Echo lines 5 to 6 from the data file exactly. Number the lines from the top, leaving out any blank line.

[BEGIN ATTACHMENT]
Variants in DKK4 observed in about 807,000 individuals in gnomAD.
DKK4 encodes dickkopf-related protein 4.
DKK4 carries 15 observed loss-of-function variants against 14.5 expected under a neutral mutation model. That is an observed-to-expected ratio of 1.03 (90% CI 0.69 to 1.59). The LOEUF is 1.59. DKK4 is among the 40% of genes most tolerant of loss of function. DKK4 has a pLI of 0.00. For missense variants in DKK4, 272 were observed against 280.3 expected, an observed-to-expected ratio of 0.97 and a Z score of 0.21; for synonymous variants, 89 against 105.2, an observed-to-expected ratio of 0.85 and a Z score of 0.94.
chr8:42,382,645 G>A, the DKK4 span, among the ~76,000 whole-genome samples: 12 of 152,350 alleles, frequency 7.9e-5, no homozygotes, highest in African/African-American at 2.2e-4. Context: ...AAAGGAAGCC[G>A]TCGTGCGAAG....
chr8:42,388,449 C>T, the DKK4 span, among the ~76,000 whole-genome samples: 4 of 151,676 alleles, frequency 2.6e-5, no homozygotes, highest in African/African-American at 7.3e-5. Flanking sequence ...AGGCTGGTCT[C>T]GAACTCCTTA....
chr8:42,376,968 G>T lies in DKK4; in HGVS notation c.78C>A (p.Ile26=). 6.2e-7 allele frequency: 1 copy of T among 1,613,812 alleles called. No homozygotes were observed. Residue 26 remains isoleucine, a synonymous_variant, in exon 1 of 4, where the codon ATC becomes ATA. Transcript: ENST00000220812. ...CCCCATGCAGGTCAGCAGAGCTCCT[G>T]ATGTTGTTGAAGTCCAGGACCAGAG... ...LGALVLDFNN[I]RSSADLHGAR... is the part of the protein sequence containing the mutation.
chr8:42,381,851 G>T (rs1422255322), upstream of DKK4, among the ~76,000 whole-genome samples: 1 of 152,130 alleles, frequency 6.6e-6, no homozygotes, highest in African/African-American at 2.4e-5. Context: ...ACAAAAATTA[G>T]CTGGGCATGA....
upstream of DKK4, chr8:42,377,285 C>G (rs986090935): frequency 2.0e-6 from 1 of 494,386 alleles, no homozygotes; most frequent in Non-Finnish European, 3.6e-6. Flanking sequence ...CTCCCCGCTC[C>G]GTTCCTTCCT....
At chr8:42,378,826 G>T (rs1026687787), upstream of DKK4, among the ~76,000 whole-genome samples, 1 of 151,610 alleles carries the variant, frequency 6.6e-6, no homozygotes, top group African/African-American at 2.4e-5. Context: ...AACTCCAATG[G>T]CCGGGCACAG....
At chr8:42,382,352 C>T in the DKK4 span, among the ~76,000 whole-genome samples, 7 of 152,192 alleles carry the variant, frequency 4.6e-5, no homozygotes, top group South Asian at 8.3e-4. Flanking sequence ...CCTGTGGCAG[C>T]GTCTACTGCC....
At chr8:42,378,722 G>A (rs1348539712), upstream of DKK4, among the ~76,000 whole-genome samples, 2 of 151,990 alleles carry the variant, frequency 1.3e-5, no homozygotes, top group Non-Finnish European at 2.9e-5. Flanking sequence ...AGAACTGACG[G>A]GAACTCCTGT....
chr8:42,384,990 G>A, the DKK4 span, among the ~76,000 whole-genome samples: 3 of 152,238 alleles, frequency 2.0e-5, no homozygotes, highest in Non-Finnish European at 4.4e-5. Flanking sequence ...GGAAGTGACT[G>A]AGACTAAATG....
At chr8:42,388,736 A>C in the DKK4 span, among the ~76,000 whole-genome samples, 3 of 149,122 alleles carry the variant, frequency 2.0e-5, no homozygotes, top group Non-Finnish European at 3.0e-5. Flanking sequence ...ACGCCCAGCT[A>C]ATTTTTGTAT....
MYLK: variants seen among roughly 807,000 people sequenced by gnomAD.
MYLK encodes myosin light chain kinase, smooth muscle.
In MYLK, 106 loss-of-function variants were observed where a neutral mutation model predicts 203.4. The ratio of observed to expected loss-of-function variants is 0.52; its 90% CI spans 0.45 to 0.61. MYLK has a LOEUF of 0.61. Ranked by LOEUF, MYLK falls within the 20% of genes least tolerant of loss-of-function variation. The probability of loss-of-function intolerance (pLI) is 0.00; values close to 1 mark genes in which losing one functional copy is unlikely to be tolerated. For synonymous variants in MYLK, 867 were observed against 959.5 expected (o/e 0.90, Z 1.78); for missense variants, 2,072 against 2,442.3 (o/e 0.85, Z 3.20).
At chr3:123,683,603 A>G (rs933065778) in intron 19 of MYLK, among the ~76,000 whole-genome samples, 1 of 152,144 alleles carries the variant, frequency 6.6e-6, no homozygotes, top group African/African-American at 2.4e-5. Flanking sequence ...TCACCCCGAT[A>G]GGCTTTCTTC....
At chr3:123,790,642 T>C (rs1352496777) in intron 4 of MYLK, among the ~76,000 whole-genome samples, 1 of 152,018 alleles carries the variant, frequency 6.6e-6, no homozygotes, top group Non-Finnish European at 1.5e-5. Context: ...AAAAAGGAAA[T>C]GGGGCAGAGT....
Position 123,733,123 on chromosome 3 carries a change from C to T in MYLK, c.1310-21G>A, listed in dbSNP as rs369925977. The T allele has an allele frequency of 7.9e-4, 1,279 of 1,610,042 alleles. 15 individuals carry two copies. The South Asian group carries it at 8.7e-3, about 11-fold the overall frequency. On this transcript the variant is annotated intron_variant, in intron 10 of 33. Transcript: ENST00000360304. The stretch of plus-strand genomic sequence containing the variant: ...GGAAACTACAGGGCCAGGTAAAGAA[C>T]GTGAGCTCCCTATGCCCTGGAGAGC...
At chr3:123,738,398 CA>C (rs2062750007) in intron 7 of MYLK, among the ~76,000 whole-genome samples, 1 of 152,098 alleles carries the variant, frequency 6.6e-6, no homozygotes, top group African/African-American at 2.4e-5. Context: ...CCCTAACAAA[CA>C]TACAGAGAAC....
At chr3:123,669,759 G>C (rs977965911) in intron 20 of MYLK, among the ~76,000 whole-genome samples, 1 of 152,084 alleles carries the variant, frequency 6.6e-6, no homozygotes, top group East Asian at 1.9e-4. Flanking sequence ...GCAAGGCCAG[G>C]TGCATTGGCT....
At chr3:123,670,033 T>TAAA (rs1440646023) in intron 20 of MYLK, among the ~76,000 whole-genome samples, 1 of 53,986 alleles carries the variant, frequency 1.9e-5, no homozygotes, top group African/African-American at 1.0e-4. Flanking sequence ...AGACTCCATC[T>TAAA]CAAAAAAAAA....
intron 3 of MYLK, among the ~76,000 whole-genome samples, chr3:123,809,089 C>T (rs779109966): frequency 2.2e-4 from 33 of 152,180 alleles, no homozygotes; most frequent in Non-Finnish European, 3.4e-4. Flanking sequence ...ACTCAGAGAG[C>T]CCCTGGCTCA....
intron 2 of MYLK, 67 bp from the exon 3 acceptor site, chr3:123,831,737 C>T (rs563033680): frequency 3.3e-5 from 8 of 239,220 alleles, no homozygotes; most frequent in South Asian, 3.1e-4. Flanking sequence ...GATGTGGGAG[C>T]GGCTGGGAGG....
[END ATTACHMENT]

chr8:42,388,449 C>T, the DKK4 span, among the ~76,000 whole-genome samples: 4 of 151,676 alleles, frequency 2.6e-5, no homozygotes, highest in African/African-American at 7.3e-5. Flanking sequence ...AGGCTGGTCT[C>T]GAACTCCTTA....
chr8:42,376,968 G>T lies in DKK4; in HGVS notation c.78C>A (p.Ile26=). 6.2e-7 allele frequency: 1 copy of T among 1,613,812 alleles called. No homozygotes were observed. Residue 26 remains isoleucine, a synonymous_variant, in exon 1 of 4, where the codon ATC becomes ATA. Transcript: ENST00000220812. ...CCCCATGCAGGTCAGCAGAGCTCCT[G>T]ATGTTGTTGAAGTCCAGGACCAGAG... ...LGALVLDFNN[I]RSSADLHGAR... is the part of the protein sequence containing the mutation.